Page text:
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The Commission On Safety And Abuse In America’s Prisons is urging a renewed emphasis on rehabilitation.
updated 6/7/2006 11:00:11 PM ET 2006-06-08T03:00:11

While prison populations are growing astronomically, money for rehabilitation is not keeping pace, fueling violence behind bars, a private group says.

The Commission On Safety And Abuse In America’s Prisons is urging a renewed emphasis on rehabilitation, an approach it says was devalued in the 1970s as politicians promoted get-tough-on-crime policies.

The panel is co-chaired by former federal Appeals Court Judge John J. Gibbons, the attorney who successfully argued in the Supreme Court that detainees at Guantanamo Bay, Cuba, should have access to U.S. courts; and Nicholas Katzenbach, whose work as U.S. attorney general during the Johnson administration and deputy attorney general during the Kennedy administration helped desegregate the South.

Almost 2.2 million people were in federal and state prisons and local jails last year, up from 1.5 million in 1995. Prisons account for about two-thirds of all inmates, and local jails house the rest.

The commission said it heard from criminologists, psychologists, corrections professionals and community advocates warning about dangers associated with warehousing inmates.

“Few conditions compromise the safety and security of a correctional institution more than idle prisoners,” the commission concluded.

The old pessimism about rehabilitation was misguided, said the report.

Programs that help prisoners understand the motivations underlying their actions and the consequences of their behavior can reduce misconduct and lower recidivism rates by at least 10 percent, said the commission, quoting recent research.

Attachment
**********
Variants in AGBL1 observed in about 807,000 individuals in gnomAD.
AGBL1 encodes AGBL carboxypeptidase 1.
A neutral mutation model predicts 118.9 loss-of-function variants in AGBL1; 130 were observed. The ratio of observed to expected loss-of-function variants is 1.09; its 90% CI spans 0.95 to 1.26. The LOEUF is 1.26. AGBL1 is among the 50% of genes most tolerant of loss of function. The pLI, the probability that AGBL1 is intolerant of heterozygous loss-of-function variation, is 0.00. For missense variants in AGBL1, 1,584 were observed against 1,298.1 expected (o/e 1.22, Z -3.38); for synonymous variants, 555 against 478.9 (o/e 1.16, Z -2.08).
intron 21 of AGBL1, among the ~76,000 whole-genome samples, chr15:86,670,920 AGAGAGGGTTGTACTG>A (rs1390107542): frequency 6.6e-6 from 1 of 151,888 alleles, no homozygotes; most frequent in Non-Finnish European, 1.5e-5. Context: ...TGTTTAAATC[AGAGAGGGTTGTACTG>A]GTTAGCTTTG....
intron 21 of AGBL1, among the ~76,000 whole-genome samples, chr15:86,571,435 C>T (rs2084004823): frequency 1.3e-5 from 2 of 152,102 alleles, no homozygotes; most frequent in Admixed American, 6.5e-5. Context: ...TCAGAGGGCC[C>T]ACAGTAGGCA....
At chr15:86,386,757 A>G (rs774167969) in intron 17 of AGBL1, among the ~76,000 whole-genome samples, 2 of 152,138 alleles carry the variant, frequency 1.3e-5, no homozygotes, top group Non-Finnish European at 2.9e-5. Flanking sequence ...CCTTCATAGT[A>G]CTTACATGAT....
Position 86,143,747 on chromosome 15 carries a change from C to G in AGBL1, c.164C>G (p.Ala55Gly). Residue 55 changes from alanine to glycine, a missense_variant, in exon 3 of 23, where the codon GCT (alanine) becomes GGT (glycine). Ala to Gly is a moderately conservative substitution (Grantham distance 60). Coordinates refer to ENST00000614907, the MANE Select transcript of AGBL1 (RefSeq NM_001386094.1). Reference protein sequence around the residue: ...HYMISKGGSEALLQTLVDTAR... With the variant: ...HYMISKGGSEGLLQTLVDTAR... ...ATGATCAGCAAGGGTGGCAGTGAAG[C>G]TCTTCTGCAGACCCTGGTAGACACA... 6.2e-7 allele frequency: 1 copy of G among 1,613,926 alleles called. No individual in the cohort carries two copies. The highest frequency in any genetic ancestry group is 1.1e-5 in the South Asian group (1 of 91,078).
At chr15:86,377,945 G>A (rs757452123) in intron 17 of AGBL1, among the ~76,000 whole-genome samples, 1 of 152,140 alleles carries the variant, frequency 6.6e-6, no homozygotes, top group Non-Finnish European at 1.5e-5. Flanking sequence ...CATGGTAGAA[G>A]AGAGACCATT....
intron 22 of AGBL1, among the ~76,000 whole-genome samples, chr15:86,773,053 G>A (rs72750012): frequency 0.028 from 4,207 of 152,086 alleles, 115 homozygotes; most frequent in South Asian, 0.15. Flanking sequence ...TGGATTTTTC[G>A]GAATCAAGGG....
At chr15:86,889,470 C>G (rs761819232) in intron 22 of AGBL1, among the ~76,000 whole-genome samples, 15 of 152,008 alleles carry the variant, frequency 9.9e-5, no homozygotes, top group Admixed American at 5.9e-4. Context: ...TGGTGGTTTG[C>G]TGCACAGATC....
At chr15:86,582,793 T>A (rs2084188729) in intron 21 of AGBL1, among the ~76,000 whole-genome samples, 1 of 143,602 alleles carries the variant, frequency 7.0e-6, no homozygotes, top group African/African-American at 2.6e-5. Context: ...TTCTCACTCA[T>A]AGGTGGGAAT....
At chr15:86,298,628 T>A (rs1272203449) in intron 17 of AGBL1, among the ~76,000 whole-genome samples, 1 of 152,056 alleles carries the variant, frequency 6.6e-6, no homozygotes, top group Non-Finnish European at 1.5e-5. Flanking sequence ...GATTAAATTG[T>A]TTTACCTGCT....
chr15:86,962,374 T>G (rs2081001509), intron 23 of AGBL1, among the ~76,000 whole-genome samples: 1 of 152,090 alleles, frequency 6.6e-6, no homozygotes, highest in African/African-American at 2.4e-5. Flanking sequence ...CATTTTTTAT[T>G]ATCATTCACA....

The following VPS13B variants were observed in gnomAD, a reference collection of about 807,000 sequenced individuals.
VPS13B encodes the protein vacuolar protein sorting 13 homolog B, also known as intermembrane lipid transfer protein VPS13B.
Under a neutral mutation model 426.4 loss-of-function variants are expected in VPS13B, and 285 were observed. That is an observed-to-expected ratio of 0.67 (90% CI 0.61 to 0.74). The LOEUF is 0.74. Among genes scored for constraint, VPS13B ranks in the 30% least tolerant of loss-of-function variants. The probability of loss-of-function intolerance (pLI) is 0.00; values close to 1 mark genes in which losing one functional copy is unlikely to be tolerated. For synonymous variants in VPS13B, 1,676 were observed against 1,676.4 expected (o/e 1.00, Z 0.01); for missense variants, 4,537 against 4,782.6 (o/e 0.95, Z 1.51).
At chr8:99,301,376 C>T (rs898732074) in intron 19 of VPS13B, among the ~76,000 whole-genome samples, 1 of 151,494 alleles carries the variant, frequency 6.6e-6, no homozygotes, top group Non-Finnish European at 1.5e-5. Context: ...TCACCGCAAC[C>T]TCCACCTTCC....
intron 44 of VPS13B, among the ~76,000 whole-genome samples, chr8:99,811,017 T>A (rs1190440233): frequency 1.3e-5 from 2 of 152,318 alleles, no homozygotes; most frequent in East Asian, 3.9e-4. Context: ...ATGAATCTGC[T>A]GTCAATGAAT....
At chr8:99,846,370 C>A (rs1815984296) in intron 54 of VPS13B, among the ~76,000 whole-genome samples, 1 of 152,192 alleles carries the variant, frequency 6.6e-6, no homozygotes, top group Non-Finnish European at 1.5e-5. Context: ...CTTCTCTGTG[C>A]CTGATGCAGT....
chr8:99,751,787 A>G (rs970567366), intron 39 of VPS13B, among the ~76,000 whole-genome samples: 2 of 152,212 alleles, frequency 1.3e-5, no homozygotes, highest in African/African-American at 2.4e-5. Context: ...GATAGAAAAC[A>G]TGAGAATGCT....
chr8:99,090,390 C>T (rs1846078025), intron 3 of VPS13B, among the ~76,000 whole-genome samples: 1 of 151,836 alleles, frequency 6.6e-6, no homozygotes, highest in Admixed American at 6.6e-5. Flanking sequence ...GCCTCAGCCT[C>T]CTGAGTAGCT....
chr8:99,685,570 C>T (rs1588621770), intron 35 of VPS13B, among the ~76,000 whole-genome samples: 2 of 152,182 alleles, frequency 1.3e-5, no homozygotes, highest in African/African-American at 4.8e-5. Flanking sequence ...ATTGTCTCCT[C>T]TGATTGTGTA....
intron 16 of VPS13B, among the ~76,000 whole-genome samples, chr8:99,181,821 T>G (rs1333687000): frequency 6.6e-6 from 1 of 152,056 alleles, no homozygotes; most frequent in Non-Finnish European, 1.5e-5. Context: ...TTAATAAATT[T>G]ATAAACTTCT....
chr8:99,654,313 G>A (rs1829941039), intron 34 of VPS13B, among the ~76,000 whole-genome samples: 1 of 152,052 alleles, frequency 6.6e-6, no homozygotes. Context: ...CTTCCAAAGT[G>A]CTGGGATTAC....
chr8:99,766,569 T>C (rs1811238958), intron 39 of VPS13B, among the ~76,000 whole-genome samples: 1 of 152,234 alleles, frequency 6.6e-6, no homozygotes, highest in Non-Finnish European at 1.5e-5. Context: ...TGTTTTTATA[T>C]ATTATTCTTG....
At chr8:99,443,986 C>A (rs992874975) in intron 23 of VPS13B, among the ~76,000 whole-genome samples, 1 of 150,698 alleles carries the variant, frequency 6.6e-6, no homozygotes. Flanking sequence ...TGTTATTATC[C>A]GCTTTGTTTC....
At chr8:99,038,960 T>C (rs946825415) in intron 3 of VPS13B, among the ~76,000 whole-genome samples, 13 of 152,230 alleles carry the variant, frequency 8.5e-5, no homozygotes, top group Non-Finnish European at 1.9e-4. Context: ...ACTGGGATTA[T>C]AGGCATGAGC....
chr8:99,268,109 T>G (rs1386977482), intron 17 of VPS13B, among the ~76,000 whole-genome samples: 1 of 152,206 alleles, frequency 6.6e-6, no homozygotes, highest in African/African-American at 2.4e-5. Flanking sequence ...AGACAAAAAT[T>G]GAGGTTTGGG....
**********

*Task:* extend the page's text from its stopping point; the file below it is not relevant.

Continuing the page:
Education programs in corrections facilities reduce rule-breaking and disorder and post-secondary education can cut recidivism rates by nearly half, but only 5 percent of prisoners are enrolled in any form of post-secondary education, the report added.

Katzenbach said that getting inmates enough training in jail is a key to reducing the rate at which they commit crimes once they are back on the street.

“If you can reduce it even by a small amount you can save a huge amount of money,” Katzenbach said in a telephone call with reporters. “You can’t put a lot of people in jail and spend nothing and expect to get results.”

The experiences inmates have in prison — whether violent or redemptive — do not stay within prison walls, but spill over into the rest of society, said Sen. Tom Coburn, R-Okla., chairman of a subcommittee that on Thursday will review the findings of the report. Entitled “Confronting Confinement,” the commission’s work was funded by the Vera Institute of Justice, a nonprofit group.

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